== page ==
When I told one of my friends I was waiting for “The Lion King” to start; she said “really?” In a voice so laden with doubt that she might as well have added, “You’re fucking kidding”. She was honestly shocked, as well she might have been .
I have never seen the original film, even on video, and I didn’t see the live show, even though the giraffes’ heads come right out over the audience. I never saw the sequel to the original film, the sequels to the sequels, or any of the spin-off television shows. Likewise I had never purchased, (or used) “Lion King” themed toilet tissue, and had in short done my level- best to avoid the entire franchise right from the start.
Why? I’ve always seen “Hamlet” set in a pride of lions as a rather tacky idea, but from what I saw of the publicity of the first film, I thought the animation looked really naff and things kinda snowballed from there. I fought off the advice of friends that frequently crossed the line into brow-beating and remained “Lion King” free for the last twenty-five years.
I liked the look of the trailers; simple as that. Off I went. Somehow I was 3 rows from the front row on the first session on opening day; either perfectly qualified to be a consumer of the film, since as a complete virgin to the franchise, I would not be distracted by niggley, trivial differences to earlier versions. And the short review is simple; I absolutely loved this film! From the ghastly cartoon drawings to this – I am sure I have never seen more perfect artificial lions. From the first I simply marvelled at the fact that these animals were not living, breathing, pooping animals at all, but creations of CGI and more than being “simply” animals they were called on to act as well; and did so too, not as humans wearing lion faces either but as lions, somehow using cat mannerisms to express completely understandable and moving emotions – and notoveracting either. In recent years a plague of coarse acting has overtaken the American film industry and scenery chewing has become the order of the day. No. The lions deliver precise and economical performances , that frequently had me wondering how the top- priced human talent on display elsewhere gets away with their frequently Academy Award winning melodramatics.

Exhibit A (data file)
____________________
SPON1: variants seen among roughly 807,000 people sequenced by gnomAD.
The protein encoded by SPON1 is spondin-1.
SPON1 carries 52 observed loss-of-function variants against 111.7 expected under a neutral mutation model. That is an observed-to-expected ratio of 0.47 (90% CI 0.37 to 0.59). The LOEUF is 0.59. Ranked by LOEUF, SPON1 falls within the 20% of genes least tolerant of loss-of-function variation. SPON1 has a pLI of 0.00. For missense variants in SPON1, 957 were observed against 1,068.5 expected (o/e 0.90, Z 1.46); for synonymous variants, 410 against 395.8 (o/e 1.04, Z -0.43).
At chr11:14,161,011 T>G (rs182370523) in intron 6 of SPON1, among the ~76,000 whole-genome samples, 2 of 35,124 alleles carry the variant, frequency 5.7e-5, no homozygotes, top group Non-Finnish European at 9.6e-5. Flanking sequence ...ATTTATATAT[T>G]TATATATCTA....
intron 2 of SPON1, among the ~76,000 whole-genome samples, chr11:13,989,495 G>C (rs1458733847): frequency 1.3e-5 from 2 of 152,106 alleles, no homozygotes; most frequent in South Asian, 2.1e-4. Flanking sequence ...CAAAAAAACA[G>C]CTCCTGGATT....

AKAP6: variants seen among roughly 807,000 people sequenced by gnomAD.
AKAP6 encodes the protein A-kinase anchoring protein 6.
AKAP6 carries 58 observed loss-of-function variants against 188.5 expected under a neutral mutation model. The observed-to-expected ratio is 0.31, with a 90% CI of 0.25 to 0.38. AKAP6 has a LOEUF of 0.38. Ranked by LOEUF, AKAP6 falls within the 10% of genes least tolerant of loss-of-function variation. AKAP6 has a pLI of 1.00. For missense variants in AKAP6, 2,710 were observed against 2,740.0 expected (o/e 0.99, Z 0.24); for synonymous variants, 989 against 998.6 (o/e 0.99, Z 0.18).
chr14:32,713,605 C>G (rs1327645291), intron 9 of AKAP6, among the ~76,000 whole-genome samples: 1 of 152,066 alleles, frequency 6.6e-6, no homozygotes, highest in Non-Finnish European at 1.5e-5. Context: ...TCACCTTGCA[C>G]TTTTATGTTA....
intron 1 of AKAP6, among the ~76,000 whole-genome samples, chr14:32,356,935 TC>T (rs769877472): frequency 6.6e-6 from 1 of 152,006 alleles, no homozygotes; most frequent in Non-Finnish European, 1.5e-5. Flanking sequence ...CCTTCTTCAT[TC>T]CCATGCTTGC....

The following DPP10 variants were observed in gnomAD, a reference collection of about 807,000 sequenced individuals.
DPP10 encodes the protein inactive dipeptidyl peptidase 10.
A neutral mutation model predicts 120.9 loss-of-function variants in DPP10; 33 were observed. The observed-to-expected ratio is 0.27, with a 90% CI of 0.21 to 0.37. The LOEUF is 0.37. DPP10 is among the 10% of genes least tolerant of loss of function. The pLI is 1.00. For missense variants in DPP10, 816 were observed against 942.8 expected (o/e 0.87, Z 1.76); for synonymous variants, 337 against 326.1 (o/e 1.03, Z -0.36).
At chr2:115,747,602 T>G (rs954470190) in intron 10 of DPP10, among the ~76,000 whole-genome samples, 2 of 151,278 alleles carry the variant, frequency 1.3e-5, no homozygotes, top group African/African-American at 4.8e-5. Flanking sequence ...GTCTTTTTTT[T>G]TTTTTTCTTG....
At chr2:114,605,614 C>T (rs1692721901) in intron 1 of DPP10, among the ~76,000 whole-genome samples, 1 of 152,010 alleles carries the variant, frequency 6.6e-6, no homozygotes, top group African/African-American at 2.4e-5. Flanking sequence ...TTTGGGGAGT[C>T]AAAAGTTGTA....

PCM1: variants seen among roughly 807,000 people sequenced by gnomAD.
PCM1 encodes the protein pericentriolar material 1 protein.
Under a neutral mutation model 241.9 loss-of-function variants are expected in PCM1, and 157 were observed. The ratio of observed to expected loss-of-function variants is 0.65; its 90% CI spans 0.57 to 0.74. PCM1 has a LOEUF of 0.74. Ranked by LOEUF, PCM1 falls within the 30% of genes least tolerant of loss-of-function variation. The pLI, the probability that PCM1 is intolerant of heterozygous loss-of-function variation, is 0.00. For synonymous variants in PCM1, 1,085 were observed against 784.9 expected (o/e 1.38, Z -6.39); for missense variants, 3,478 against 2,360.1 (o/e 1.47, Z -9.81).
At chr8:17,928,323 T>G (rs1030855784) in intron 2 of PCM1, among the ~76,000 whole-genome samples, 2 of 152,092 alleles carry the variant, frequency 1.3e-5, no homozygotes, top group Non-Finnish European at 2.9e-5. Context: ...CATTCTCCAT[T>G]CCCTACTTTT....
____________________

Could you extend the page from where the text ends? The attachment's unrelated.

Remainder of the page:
Seriously. I’ve no idea what you call the skill but there must be an academy award for people who coax performances from computer simulacra, and, in my opinion the person or people responsible here deserve one – and an extra Cola at the party afterwards.
“The Lion King” made me cry once, right at the end, so I was caught, tears running down my face, just as the lights came up. Filthy trick. But I liked the rest of the film so very, very much, I was more than prepared to forgive.
Verdict: The magic of cinema does not get more magical.
(C) Alex Rieneck 2019